Each state has its own set of laws governing how wrongful death claims are handled in civil court. These laws allow a deceased person's surviving family or personal representative to file a lawsuit when the death is the result of another party's accidental or intentional action. In this article, we'll take a look at some important aspects of Utah's wrongful death laws, including the state's definition of a "wrongful death," who may file this kind of lawsuit, the time limit on filing a wrongful death case in court, and the types of damages available if a wrongful death claim succeeds.
In Utah, a "wrongful death" is one that is caused by the "wrongful act or neglect" of another. (Utah Code § 78B-3-106 (2021).) In other words, a wrongful death occurs when one person dies as a result of the legal fault of another person or entity, including by:
As in other types of personal injury lawsuits, the defendant's liability in a successful wrongful death case is expressed solely in terms of financial compensation ("damages") that the court orders the defendant to pay to the deceased person's survivors. This is one major difference between a wrongful death lawsuit and a criminal homicide case, where a conviction can result in jail or prison time, fines paid to the state, probation, and other penalties.
Another big difference between a criminal prosecution for homicide and a wrongful death civil lawsuit: In a criminal case, the accused's guilt must be established "beyond a reasonable doubt," which is a very high bar for the prosecution to clear. In a civil lawsuit, the defendant's liability must be shown only "by a preponderance of the evidence," meaning it's more likely than not that the defendant is responsible for the death. It is possible, though, for a single event to result in criminal charges and a wrongful death claim: A defendant can be sued for wrongful death in civil court while facing criminal charges related to the same death.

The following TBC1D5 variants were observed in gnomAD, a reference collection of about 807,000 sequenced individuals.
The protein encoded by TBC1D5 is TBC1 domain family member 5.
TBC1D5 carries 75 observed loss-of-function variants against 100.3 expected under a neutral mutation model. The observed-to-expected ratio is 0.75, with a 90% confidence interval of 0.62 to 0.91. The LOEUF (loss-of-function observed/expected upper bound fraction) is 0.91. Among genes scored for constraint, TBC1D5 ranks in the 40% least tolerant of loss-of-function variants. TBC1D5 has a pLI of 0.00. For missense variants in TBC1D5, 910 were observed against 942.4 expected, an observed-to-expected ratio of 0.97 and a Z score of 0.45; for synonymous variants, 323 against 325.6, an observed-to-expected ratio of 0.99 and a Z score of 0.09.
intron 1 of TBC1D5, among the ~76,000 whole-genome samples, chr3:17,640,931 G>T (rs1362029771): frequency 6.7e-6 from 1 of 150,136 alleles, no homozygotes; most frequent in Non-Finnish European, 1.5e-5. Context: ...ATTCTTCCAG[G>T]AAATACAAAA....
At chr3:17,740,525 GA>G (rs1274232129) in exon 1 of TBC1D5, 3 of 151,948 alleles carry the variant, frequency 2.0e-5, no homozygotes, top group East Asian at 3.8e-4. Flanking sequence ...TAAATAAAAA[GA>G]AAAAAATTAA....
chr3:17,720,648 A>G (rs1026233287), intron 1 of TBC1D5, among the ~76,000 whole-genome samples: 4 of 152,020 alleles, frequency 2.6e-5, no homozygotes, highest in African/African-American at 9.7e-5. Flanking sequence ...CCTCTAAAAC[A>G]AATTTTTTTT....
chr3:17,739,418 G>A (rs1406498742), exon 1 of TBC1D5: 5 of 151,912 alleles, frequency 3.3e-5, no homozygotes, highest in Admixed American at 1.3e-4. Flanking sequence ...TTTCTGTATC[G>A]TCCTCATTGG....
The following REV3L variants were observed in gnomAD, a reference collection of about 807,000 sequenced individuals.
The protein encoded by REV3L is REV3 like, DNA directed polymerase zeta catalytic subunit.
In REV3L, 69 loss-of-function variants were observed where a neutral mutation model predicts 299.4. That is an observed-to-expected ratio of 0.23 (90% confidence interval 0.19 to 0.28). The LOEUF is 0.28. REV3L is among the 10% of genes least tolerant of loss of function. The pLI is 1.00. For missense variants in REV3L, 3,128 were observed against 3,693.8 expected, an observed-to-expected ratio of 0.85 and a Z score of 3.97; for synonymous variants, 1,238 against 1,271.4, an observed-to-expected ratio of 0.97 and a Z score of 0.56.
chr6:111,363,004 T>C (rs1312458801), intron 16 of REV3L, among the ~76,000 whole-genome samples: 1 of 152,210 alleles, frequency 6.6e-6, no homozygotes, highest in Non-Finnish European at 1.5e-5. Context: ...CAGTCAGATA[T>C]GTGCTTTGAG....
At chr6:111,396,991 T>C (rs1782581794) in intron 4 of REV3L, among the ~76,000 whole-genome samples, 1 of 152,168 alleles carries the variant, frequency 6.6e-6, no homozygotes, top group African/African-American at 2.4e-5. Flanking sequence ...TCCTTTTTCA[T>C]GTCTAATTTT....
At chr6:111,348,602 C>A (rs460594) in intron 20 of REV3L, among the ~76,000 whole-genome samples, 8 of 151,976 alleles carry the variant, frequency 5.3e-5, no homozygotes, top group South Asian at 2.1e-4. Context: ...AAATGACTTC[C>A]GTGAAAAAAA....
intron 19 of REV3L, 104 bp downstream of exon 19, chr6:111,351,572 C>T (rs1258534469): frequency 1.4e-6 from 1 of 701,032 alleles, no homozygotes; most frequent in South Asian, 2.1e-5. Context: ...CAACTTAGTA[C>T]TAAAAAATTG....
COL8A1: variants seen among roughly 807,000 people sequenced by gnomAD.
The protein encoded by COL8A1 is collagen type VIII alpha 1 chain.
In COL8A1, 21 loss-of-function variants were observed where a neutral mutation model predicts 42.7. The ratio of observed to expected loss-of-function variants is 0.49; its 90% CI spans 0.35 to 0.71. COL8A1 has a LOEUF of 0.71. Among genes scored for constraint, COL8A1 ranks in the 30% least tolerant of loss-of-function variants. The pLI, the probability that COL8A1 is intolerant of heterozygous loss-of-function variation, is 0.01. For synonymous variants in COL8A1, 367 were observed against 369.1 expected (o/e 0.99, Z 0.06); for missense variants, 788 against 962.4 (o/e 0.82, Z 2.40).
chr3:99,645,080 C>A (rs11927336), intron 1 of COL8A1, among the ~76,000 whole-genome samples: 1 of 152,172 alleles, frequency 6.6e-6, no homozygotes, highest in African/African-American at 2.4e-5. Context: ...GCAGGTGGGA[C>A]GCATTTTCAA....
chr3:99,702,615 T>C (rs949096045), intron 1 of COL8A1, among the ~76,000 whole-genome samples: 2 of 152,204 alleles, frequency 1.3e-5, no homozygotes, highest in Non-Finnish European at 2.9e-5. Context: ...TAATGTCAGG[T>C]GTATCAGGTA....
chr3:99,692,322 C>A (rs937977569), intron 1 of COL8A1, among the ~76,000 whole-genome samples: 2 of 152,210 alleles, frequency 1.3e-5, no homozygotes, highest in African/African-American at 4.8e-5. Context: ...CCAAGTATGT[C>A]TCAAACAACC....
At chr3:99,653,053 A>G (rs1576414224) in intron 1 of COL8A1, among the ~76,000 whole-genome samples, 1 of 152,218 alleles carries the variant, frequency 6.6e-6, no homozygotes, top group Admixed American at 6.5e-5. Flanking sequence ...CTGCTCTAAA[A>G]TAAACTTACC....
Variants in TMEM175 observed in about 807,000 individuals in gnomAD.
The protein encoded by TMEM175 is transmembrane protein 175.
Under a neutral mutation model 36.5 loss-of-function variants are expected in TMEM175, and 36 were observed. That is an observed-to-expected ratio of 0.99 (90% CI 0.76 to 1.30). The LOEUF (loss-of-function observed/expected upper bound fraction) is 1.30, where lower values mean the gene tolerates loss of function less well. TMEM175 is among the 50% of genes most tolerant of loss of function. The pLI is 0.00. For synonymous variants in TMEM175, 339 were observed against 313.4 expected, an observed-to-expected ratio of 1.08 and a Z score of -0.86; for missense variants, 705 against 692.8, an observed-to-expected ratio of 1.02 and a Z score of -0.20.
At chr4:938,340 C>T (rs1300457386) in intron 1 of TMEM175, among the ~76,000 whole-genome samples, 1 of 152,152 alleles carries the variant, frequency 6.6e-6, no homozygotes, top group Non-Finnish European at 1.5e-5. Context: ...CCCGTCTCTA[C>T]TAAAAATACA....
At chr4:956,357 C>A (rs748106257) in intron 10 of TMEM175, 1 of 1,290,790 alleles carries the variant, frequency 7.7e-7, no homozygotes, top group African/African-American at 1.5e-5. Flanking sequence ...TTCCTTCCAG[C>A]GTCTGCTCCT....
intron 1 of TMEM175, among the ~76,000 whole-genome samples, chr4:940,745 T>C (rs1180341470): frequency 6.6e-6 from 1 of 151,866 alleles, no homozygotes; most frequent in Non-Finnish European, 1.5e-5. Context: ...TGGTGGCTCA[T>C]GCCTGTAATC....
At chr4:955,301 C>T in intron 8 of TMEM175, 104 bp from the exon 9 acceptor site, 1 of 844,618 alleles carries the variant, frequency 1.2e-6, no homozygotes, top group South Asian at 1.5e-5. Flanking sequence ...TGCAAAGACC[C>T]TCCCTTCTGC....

Learn more about proving liability in a wrongful death case.
A Utah wrongful death claim must be filed either by the deceased person's heirs or the personal representative (sometimes called the "executor") of the deceased person's estate. But if the deceased person was an adult under guardianship, the legal guardian may bring the wrongful death claim to court.
Under Utah law, the "heirs" who may file a wrongful death claim include:
(Utah Code § 78B-3-105 (2021).)
Note that if the personal representative or a guardian files the wrongful death claim, any damages recovered will be awarded to the deceased's surviving family members. (Read more about who has the legal right to file a wrongful death lawsuit.)
No matter who files the wrongful death claim, it must be filed within the time limit set by a law called a "statute of limitations" in order to be heard in court. In Utah, the statutes of limitations that apply to wrongful death claims require that wrongful death claims be filed within two years of the date of the death, or within one year of the death if the claim is filed against a government entity. (Utah Code §§ 78B-2-304, 63G-7-402 (2021).)
In a successful wrongful death lawsuit, the court orders the defendant to pay "damages"—or the plaintiff's claimed losses—to the deceased person's family or estate. Most damages in wrongful death cases fall into the category of "compensatory damages," which are intended to compensate survivors for losses related to the death. Damages in Utah can include compensation for:
In very rare cases, the court can award punitive damages. Unlike compensatory damages (described above) punitive damages are not intended to compensate survivors or the estate for losses. Instead, they are awarded to punish intentional or reckless behavior and deter similar conduct in the future.
Utah wrongful death cases are complicated—and the law can change at any time. If you're thinking of filing a wrongful death lawsuit in Utah, it's a good idea to consult a personal injury attorney. An experienced lawyer can explain how the law applies to your specific situation.